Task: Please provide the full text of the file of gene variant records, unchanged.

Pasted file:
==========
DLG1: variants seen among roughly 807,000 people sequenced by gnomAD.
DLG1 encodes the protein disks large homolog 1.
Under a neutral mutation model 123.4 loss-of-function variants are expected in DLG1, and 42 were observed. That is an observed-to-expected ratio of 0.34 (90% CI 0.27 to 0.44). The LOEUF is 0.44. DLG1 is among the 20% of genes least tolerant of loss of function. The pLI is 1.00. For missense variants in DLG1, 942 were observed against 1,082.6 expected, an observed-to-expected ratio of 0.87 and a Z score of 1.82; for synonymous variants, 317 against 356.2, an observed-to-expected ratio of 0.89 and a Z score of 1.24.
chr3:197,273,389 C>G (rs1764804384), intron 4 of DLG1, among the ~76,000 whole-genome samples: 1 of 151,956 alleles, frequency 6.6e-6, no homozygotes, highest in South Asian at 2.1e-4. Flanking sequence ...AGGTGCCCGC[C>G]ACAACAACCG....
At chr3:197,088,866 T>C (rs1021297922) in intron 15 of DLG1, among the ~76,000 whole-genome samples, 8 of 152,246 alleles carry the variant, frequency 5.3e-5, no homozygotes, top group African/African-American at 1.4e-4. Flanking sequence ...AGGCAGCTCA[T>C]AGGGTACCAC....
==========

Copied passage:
DLG1: variants seen among roughly 807,000 people sequenced by gnomAD.
DLG1 encodes the protein disks large homolog 1.
Under a neutral mutation model 123.4 loss-of-function variants are expected in DLG1, and 42 were observed. That is an observed-to-expected ratio of 0.34 (90% CI 0.27 to 0.44). The LOEUF is 0.44. DLG1 is among the 20% of genes least tolerant of loss of function. The pLI is 1.00. For missense variants in DLG1, 942 were observed against 1,082.6 expected, an observed-to-expected ratio of 0.87 and a Z score of 1.82; for synonymous variants, 317 against 356.2, an observed-to-expected ratio of 0.89 and a Z score of 1.24.
chr3:197,273,389 C>G (rs1764804384), intron 4 of DLG1, among the ~76,000 whole-genome samples: 1 of 151,956 alleles, frequency 6.6e-6, no homozygotes, highest in South Asian at 2.1e-4. Flanking sequence ...AGGTGCCCGC[C>G]ACAACAACCG....
At chr3:197,088,866 T>C (rs1021297922) in intron 15 of DLG1, among the ~76,000 whole-genome samples, 8 of 152,246 alleles carry the variant, frequency 5.3e-5, no homozygotes, top group African/African-American at 1.4e-4. Flanking sequence ...AGGCAGCTCA[T>C]AGGGTACCAC....